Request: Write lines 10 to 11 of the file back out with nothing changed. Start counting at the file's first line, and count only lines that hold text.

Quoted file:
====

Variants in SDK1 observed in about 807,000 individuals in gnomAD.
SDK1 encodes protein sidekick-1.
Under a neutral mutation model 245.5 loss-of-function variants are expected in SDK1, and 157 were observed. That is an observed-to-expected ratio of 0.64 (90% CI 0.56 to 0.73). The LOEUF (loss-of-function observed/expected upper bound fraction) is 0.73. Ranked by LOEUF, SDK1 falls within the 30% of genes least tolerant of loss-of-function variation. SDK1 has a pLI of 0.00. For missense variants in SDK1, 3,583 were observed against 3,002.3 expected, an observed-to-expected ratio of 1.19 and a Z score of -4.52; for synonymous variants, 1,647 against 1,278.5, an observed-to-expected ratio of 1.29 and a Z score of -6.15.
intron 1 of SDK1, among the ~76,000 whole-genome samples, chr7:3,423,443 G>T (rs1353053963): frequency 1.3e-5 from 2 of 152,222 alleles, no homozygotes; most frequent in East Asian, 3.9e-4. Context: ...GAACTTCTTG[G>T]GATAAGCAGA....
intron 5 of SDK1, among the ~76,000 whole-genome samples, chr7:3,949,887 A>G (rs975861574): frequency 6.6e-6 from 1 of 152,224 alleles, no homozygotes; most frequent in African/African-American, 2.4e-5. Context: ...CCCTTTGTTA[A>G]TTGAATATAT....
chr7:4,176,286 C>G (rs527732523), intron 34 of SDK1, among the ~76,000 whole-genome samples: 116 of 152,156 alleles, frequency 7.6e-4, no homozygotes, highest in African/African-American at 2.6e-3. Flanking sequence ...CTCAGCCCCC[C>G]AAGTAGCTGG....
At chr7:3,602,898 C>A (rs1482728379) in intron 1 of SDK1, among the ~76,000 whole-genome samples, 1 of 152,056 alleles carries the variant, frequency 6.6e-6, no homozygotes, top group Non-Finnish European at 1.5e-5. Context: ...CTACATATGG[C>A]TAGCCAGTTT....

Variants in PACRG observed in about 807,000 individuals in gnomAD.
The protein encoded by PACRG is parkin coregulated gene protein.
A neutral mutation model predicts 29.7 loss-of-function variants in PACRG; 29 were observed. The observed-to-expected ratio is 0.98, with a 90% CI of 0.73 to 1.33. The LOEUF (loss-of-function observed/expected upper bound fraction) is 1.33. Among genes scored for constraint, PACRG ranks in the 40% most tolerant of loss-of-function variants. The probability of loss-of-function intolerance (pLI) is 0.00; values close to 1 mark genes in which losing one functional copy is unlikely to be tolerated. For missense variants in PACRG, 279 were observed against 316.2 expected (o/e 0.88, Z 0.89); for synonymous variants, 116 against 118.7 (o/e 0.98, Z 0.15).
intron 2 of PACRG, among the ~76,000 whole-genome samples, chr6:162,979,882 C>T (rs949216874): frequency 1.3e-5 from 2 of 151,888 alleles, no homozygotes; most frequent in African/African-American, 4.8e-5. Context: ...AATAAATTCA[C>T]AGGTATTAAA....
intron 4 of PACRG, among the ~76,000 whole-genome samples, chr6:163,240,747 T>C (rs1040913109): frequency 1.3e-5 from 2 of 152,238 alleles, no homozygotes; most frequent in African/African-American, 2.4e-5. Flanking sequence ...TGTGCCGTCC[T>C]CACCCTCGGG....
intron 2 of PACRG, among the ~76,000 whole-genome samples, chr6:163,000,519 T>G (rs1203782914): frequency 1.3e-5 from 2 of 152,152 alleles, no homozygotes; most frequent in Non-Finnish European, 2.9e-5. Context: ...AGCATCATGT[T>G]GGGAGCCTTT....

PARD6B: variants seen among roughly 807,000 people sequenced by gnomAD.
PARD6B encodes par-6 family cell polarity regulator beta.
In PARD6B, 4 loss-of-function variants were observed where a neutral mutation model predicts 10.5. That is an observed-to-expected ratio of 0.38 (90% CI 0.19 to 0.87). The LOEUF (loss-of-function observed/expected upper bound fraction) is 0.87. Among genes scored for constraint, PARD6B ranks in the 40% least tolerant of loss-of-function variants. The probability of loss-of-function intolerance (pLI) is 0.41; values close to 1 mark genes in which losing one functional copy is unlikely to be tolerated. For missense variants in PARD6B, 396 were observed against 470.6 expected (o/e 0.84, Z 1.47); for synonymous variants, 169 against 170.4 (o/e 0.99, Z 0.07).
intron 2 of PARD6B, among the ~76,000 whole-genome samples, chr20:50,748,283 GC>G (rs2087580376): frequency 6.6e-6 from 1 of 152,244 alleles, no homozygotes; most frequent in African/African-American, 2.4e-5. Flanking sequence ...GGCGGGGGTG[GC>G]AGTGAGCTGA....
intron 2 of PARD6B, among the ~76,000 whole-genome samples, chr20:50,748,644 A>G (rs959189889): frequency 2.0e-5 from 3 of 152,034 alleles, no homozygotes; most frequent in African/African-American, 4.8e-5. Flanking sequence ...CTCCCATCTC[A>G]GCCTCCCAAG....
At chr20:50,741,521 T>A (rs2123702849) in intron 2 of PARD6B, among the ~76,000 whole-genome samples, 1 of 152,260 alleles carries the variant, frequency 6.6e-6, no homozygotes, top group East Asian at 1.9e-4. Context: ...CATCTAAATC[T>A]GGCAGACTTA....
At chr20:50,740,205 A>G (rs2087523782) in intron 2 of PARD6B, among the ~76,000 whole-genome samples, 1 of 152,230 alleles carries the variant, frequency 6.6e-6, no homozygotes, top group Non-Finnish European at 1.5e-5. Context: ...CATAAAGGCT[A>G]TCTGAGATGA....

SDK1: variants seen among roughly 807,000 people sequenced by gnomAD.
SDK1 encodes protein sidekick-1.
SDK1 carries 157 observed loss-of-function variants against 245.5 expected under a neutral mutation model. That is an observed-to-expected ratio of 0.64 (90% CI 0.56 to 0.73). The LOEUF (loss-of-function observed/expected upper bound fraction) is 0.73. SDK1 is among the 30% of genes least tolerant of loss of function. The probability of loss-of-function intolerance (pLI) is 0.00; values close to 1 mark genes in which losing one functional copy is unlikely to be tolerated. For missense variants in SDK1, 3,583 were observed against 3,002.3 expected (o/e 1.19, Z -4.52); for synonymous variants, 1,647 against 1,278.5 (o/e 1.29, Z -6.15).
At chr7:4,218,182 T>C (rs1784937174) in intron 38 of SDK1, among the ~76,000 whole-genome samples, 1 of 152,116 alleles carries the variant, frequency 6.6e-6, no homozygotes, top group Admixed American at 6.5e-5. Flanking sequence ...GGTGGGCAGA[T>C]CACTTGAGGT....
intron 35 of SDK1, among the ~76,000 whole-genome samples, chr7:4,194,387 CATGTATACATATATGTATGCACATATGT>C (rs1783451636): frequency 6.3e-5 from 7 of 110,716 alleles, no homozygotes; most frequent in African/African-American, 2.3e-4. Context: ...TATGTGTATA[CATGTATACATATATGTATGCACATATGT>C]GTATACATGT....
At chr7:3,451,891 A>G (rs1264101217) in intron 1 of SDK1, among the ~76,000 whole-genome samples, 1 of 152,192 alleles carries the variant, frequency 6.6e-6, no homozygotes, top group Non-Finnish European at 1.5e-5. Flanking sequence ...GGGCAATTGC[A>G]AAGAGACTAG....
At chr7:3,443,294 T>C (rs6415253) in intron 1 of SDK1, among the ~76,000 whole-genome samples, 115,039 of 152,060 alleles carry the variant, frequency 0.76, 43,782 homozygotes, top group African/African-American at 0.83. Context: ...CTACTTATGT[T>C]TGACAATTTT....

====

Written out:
A neutral mutation model predicts 29.7 loss-of-function variants in PACRG; 29 were observed. The observed-to-expected ratio is 0.98, with a 90% CI of 0.73 to 1.33. The LOEUF (loss-of-function observed/expected upper bound fraction) is 1.33. Among genes scored for constraint, PACRG ranks in the 40% most tolerant of loss-of-function variants. The probability of loss-of-function intolerance (pLI) is 0.00; values close to 1 mark genes in which losing one functional copy is unlikely to be tolerated. For missense variants in PACRG, 279 were observed against 316.2 expected (o/e 0.88, Z 0.89); for synonymous variants, 116 against 118.7 (o/e 0.98, Z 0.15).
intron 2 of PACRG, among the ~76,000 whole-genome samples, chr6:162,979,882 C>T (rs949216874): frequency 1.3e-5 from 2 of 151,888 alleles, no homozygotes; most frequent in African/African-American, 4.8e-5. Context: ...AATAAATTCA[C>T]AGGTATTAAA....